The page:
Climate change resistance group block Bristol roads armed with samba bands and unicorns
Extinction Rebellion holds peaceful protests across the country
Get ready for some confusing protests to hit the streets of Bristol, as climate change resistance group Extinction Rebellion organise rolling samba roadblocks to raise awareness for their cause, and organisation.
Some may be surprised at the choice of location, Bristol’s 2015 status as the European Green Capital, with commitments to cycling and one of the largest support bases for the Green party outside of Brighton make it seem like preaching to the partially converted.
Though the idea of converting the partially converted into die-hard true believers is a fairly normal method of gaining support. The protestors are armed with drums, signs and inflatable unicorns as far as the eye can see (or just past College Green).
The group have decided to meet today in Castle Park for a "street party to raise awareness of climate change". In association with local samba groups they plan to play music and block traffic, while engaging positively with drivers in scenes that will definitely remain 100 per cent civil.
Green MEP Molly Scot Cato has previously been in attendance with the group, notably at their November 1st protest, which featured a range of ages from toddlers with tiny drums up to and including pensioners with slightly larger drums.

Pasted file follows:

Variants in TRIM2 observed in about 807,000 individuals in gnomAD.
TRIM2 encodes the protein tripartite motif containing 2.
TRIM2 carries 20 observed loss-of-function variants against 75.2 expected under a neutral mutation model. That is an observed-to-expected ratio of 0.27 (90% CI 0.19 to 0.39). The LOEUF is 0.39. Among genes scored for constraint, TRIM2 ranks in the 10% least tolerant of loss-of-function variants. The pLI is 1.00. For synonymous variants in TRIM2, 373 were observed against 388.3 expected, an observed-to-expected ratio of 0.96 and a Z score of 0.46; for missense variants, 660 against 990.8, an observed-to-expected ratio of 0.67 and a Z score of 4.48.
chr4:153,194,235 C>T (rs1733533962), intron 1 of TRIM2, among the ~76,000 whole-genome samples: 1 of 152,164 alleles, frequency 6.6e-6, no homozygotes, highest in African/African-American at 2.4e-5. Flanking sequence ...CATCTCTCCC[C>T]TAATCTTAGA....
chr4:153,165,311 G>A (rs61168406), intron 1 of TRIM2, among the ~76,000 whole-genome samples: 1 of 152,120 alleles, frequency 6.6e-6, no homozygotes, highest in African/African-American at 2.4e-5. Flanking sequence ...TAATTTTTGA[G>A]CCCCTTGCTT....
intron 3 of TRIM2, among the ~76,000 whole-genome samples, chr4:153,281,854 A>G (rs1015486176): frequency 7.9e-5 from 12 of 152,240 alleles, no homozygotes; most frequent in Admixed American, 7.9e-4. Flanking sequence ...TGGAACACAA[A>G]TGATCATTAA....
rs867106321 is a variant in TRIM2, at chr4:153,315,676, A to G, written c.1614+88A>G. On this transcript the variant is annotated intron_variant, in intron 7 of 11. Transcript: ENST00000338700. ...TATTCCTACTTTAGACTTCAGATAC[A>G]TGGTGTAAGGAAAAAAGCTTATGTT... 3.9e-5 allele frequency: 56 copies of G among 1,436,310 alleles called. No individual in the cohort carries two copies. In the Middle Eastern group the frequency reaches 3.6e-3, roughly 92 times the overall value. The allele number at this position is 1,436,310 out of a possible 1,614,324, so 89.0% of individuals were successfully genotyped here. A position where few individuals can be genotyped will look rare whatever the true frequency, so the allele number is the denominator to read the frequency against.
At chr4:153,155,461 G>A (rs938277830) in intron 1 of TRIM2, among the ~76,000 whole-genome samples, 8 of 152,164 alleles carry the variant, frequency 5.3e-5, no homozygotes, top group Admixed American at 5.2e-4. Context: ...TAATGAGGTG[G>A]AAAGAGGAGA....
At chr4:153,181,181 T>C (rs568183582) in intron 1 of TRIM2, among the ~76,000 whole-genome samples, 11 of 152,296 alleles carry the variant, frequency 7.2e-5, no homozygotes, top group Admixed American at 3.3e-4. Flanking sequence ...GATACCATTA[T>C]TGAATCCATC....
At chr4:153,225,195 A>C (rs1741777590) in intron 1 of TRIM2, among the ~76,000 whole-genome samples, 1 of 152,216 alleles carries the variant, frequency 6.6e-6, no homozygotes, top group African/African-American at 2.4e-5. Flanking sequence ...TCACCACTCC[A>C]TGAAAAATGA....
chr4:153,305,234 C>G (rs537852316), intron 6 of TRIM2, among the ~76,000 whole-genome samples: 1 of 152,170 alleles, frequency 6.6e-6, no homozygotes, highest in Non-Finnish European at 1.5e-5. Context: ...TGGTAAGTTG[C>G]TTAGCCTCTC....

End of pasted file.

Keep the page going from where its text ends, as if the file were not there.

What to expect
Despite the group claiming their intention is to “commit repeated acts of disruptive, non-violent civil disobedience” some are less than convinced.
Sources confirm that local energy companies are on high alert in various shades of red and orange as the London protest has featured trespass and vandalism of the Department for Business, Energy and Industrial Strategy.
The Central London offices of DBEIS on Buckingham Palace Road, London were recently ruled to be green inefficient, a somewhat damning indictment of their commitment to change and improvement. At the time of writing protestors are inside and the building has been locked down.
Reports from the scene are that some of the protestors are elderly and sitting in the entrance holding signs, making lockdown procedures seem somewhat of an overreaction.
Who are the protestors?
The newly formed group are in the process of "increasing" protest and to predict their next move is difficult, but until now no violence has been reported at their events, usually sit-ins and music-based affairs attended by a variety of individuals. However, their own public literature states they are willing to get arrested.
The groups' core beliefs include a national assembly of non-politicians to inform climate decisions and for the government to include legally binding policy measures to reduce carbon emissions in the UK to net zero by 2025. Plans have been floated in government to achieve the same by 2050, however experts agree this will have missed the boat in terms of reversing climate change.
At the time of writing, no violence has been reported and the crowd includes dancing children, grannies and an inflatable unicorn
Pictures and on the ground reporting: Serena Isaacs and Aemilia Smith